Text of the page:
Audit agent urges gov’t to revise public financial system

Friday, March 20, 2009
Issue 646, Page 2
Word count: 606
Published in: Macau Daily Times

By Poyi (Natalie) Leung

The audit commissioner yesterday urged the government to revise the public financial system, or otherwise severe mistakes could remain in the future public account reports.
Fatima Choi Mei-lei presented the 2007 Annual Audit Report for the Public Accounts to the Legislative Assembly.

The report, which was released on Monday, revealed major mistakes amounting to over 100 billion patacas in the 2007 Consolidated Financial Statements.

The Commission of Audit (CA) gave a “reserved” comment to the financial statements, which Choi told lawmakers was mainly attributed to the “significant misrepresentation” in the category of “specific financial activities.”

However, the audit commissioner pointed out that the mistakes were a result of the change in the financial system beginning January 1, 2007, which required self-government departments, such as the Monetary Authority, Postal Savings Office and the Pensions Fund, to record their specific financial activities according to the public accounting system instead of the accrual system of accounting.

President of the Legislative Assembly, Susana Chou, and lawmaker Chui Sai Cheong, both deemed that the uncoordinated 2007 public accounts were caused by a “technical problem” in performing the new change of the financial system, rather than a “deliberate violation of the law.”

Hence, they said they were worried that the comment given by the CA to the financial statements would arouse misunderstanding and negative responses from society.

In contrast, Ng Kuok Cheong and Au Kam San supported the CA’s doing, and said that it could reflect the commission’s duties and functions.

Choi responded that the audit was conducted in line with international norms and audit ethics, which prohibited any industry practitioners from expressing “positive comments” when a financial report consisted of mistakes involving “massive amounts” that affected multiple accounting items.

According to the audit commissioner, the 2007 Consolidated Financial Statements prepared by the Financial Services Bureau did not follow the revised accounting rule.

The following annual audit report thus exposed that the capital income and capital expenditure were underestimated by respectively 803.3 billion patacas and 790.1 billion patacas.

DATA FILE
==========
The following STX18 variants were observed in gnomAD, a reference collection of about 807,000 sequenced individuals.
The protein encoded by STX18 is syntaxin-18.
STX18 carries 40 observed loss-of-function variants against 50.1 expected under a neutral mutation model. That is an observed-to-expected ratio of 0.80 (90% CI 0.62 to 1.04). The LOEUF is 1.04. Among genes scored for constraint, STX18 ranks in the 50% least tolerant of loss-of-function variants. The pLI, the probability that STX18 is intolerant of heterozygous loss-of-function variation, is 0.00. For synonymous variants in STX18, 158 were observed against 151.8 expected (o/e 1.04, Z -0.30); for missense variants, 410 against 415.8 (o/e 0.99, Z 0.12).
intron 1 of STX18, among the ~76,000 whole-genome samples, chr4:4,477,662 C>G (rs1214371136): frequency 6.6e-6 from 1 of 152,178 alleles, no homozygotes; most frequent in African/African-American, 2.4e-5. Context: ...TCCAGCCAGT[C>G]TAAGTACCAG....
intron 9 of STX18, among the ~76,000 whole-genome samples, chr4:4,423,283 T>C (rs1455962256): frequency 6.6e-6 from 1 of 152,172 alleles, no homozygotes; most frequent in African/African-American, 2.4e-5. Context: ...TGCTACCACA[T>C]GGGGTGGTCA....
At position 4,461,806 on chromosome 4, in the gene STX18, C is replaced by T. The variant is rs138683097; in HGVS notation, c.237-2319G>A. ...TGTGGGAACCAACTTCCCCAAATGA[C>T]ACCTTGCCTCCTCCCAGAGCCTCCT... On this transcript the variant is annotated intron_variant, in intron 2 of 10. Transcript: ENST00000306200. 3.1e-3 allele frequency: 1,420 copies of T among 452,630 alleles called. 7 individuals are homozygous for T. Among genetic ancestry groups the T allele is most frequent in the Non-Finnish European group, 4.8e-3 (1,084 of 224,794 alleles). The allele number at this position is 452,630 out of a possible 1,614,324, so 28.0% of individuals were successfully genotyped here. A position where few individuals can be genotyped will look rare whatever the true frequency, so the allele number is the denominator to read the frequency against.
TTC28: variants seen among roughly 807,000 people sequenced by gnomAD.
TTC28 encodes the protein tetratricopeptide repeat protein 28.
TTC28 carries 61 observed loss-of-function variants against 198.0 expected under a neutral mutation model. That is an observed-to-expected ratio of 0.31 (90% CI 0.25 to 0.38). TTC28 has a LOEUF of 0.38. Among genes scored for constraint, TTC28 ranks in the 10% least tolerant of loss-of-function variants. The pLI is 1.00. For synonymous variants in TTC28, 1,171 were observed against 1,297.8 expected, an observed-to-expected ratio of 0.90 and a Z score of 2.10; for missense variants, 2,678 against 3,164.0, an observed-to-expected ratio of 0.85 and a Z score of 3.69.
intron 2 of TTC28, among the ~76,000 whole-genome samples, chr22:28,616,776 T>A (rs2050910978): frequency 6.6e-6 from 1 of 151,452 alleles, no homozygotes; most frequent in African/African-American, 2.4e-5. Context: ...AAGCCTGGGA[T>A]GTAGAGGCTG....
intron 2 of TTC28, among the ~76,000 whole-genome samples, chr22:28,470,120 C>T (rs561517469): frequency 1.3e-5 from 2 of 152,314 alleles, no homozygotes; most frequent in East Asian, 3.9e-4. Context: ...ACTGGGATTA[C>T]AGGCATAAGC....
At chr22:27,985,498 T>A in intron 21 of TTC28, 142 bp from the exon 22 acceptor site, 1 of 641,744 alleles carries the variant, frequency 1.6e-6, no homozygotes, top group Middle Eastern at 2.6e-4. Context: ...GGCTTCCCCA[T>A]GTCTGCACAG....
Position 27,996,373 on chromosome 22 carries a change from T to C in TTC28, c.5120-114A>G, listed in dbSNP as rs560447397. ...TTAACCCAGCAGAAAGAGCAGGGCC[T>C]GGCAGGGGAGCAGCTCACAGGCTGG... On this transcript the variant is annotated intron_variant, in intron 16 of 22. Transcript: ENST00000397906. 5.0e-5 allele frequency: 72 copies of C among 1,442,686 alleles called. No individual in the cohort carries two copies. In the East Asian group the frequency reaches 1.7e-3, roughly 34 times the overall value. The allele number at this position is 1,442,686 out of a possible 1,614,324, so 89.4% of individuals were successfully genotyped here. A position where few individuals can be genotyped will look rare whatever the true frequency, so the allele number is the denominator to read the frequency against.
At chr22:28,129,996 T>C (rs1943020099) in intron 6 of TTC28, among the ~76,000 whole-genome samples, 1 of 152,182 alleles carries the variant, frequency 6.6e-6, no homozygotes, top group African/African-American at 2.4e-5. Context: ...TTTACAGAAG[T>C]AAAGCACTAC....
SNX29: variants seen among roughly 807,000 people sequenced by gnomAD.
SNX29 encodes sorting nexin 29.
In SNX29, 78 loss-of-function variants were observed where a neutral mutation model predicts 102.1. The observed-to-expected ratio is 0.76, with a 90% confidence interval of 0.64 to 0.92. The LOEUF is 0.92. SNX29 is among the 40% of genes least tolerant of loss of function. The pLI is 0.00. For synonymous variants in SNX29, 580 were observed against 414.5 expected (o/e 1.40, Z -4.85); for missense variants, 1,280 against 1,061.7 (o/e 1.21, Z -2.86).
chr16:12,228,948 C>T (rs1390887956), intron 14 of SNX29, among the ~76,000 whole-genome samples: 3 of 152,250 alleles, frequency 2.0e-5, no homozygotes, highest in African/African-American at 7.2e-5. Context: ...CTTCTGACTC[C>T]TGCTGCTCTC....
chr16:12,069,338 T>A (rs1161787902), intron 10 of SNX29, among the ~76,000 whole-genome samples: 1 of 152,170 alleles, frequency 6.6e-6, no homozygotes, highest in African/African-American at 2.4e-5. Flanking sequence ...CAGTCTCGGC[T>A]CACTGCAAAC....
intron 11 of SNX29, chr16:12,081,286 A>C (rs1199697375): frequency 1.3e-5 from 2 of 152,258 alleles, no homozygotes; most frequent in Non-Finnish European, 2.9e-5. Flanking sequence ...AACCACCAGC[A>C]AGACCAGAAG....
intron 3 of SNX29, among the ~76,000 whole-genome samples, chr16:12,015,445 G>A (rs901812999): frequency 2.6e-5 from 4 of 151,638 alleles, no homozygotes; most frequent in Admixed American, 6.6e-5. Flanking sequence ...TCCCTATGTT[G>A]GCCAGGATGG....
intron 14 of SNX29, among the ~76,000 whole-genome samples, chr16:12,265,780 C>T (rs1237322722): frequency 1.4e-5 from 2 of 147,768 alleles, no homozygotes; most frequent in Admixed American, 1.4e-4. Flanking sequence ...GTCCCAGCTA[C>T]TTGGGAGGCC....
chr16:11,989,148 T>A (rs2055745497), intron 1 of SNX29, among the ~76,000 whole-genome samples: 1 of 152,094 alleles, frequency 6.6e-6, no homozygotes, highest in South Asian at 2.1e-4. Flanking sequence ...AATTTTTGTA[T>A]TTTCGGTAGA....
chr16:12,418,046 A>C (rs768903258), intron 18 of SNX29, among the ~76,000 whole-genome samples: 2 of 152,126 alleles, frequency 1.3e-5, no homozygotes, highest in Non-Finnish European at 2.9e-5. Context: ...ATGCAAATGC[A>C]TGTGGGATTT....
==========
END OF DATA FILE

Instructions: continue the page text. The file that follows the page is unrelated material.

Also, the surplus for operation budget was recorded by less 13.2 billion patacas, whilst “liabilities – the third-party debt” was reported more 62.7 billion patacas in the statements.

Net asset value was at the same time reported 61.5 billion patacas less.

Choi said as the specific financial activities of some self-government departments were “very frequent”, the use of the public accounting system would lead to “an enormous pseudo-increase” in the amounts of income and expenditure in a balance sheet.

“It clearly shows that the form of cash-based bookkeeping doesn’t benefit this kind of financial activities,” Choi said.

“To improve the unreasonable phenomena of the public financial system by appropriate legal procedures thus are necessary,” she added.

The audit commissioner also said that only by revising the system, “could the fact of an uncoordinated financial record be solved fundamentally”.

“Or otherwise it can be foreseen that the accounts reports in the future will still be affected by the current rule,” she told the legislature.

Reserve system

On the other hand, Secretary for Economy and Finance Francis Tam Pak Yuen introduced the performance report of the 2007 Fiscal Year Budget to the Legislative Assembly.

Tam said the SAR government had accumulated about 52.43 billion patacas of finance, excluding the land fund, as at the end of 2007.

In addition, the secretary said that the government had already completed the bill for a financial reserve system and it would be launched for public consultation as soon as possible.

Tam added that the related departments were also working on comprehensive plan to amend the entire public financial management system gradually within a period of three to five years.

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